Not so long after Duncan’s murder, everything begins to crumble for Lady Macbeth do to her feeling guilt-ridden. Her marriage begins to weaken from the lack of communication that she shares with Macbeth. They both have received different placements in the throne and must attend to those demanding jobs. During this time, Lady Macbeth tries to conceal her guilt from being an accomplice in murder. She tries to keep a collected face in the day but during the night she begins to spiral out of control and lose her sanity. She begins to think about Duncan’s murder constantly which began to take over her mind and her emotions causing her to have nightmares.  During one of her nightmares, Lady Macbeth is seen yelling “Out, damned spot! Out, I say!—One, two. Why, then, ’tis time to do ’t. Hell is murky!—Fie, my lord, fie! A soldier, and afeard? What need we fear who knows it, when none can call our power to account?—Yet who would have thought the old man to have had so much blood in him.” (5.1 35-40) revealing a sense that Lady Macbeth can no longer distinguish fantasy from real life. The “spot” she is referring to is the imaginary blood of Duncan that she sees on her hands from the murders. In spite of not participating in the actual murder, her subconscious brain makes it seem as if she did, revealing her feelings of immorality. Lady Macbeth’s play on words was used in a way to reveal her subconscious feelings. She announces that “hell is murky” revealing how she already feels like she’s trapped in a hell-like state that is immensely somber. Despite the fact that she was dreaming, Lady Macbeth still felt the need to display a sense of dominance and “masculinity” over Macbeth, telling him “fie, my lord, fie! A soldier and afeared” which reveals how he should “man up” and not be afraid because he’s a “soldier.” Moreover, Lady Macbeth does not seem to show concern for herself which discloses how she is starting to regret the actions taken place. Lady Macbeth apathetically says that “what need we fear who knows it, when none can call our power to account” she is acknowledging that people are starting to realize the deeds that they had done but they were not bold enough to step up to them because they had power. That power gave her a sense of comfort for a little but soon washed away. She notes that “who would have thought the old man to have so much blood” which conversely contradicts her last statement. Lady Macbeth is confessing to being apart of the Duncan murder and is showing a sign of worry. Lady Macbeth’s nightmare goes so deep that she begins to hallucinate about the “Smell of the blood still. All the perfumes of Arabia will not sweeten this little hand. Oh, Oh, Oh!” (5.1 49-51). Lady Macbeth’s brain is playing tricks on her, telling her that the “smell of the blood” still is lingering on her. Lady Macbeth begins to grasp that “All the perfumes of Arabia will not sweeten this little hand” and her position in the murder will forever be with her. Lady Macbeth could no longer withhold the guilt from being an accomplice in murder, so she decided to find peace by killing herself.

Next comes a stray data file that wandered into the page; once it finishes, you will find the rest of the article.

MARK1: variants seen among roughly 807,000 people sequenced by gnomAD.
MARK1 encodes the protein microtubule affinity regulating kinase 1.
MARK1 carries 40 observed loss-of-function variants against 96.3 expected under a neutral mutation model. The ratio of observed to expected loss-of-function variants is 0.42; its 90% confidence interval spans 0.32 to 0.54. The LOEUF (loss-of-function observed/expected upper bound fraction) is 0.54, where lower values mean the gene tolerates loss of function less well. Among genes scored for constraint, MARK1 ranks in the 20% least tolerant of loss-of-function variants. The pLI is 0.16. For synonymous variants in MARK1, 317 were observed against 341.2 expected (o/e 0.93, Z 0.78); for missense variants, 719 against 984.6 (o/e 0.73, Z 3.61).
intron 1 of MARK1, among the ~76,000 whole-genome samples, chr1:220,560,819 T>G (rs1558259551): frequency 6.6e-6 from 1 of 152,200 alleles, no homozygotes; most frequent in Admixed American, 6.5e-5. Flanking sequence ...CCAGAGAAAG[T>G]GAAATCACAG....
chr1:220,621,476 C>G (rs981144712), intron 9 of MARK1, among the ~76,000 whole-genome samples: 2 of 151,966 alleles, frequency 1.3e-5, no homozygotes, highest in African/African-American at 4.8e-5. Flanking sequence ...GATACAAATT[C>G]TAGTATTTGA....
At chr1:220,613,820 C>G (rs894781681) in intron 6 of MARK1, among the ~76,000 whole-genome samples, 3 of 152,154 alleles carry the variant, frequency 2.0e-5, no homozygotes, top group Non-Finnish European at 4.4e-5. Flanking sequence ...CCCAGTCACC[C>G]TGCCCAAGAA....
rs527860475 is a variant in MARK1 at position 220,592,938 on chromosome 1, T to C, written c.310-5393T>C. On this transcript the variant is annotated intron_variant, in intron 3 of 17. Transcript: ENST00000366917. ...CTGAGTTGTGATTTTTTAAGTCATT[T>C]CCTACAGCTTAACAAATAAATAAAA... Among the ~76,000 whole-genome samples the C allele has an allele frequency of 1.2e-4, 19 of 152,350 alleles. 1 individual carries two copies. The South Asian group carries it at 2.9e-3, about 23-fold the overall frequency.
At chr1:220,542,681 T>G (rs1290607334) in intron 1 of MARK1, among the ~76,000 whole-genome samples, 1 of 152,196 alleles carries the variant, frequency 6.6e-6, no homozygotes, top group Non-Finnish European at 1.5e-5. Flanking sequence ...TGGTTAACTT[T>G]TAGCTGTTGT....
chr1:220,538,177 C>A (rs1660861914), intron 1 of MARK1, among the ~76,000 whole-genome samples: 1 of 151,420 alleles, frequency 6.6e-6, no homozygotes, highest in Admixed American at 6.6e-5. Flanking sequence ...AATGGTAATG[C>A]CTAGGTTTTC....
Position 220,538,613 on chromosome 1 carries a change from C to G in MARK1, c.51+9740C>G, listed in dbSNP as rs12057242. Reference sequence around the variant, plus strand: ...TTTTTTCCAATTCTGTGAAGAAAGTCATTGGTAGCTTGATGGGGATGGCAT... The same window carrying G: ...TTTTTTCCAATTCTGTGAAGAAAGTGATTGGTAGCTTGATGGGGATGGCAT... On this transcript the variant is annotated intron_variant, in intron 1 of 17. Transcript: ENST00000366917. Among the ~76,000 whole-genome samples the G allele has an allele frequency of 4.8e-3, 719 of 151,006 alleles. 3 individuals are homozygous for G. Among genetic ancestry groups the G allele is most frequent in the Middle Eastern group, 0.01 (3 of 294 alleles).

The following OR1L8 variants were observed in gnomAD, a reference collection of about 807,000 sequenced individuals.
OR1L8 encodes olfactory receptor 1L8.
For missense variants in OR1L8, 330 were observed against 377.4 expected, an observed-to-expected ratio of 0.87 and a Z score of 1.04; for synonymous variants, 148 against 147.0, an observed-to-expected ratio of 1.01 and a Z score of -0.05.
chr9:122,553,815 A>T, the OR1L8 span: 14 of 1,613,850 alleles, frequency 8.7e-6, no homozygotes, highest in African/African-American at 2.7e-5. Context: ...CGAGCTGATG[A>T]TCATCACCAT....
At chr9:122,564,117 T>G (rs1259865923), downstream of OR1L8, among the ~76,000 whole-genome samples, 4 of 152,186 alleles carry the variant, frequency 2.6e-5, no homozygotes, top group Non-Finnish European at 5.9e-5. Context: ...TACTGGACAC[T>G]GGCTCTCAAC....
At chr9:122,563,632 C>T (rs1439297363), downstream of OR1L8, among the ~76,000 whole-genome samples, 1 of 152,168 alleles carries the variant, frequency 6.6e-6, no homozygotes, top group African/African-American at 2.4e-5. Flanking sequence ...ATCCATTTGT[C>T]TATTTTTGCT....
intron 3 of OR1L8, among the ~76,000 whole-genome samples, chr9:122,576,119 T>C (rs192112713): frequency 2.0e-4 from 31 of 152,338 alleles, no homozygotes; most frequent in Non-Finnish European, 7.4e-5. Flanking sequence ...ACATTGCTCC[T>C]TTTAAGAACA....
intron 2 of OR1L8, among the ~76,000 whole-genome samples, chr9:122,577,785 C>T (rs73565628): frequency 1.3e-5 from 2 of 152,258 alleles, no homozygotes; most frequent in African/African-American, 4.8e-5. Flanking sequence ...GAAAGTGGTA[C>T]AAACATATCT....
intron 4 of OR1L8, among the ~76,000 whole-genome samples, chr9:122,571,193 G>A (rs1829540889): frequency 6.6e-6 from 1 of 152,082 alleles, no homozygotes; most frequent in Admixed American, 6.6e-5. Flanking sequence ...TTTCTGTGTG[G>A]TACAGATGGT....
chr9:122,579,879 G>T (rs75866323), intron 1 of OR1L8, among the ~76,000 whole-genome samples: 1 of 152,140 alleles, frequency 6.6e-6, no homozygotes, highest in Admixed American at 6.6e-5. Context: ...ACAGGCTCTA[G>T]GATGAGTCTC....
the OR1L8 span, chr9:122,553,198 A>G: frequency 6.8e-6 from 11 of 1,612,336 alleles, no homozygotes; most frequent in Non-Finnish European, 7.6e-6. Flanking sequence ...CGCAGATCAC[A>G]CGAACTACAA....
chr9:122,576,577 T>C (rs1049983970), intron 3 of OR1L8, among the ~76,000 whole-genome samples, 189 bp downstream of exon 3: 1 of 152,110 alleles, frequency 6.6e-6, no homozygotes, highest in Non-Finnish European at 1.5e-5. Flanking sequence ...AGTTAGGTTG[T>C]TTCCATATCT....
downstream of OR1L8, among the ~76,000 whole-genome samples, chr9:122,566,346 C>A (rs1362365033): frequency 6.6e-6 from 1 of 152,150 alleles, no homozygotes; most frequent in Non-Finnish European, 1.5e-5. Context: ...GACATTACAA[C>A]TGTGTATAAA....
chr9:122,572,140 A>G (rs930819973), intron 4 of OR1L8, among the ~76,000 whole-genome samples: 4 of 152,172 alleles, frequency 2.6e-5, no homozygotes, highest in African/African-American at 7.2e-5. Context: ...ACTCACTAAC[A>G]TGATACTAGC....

Lady Macbeth transforms from a powerful ambitious woman who would persuade her husband to kill for power into a mentally ill woman who is overwhelmed by guilt. Lady Macbeth utilizes intimidating phrases to push Macbeth to receiving the title of king in the throne. When Lady Macbeth puts her ambition and drive to make Macbeth’s happiness her happiness, it ultimately fails her. Lady Macbeth wanted the best for her marriage but it ended up causing her to lose herself and her sanity. She began to lose her control of herself and it was shown at night, when she was most vulnerable.  Lady Macbeth could no longer bare to live with the guilt so she decided to find peace in death, revealing a sense of morality.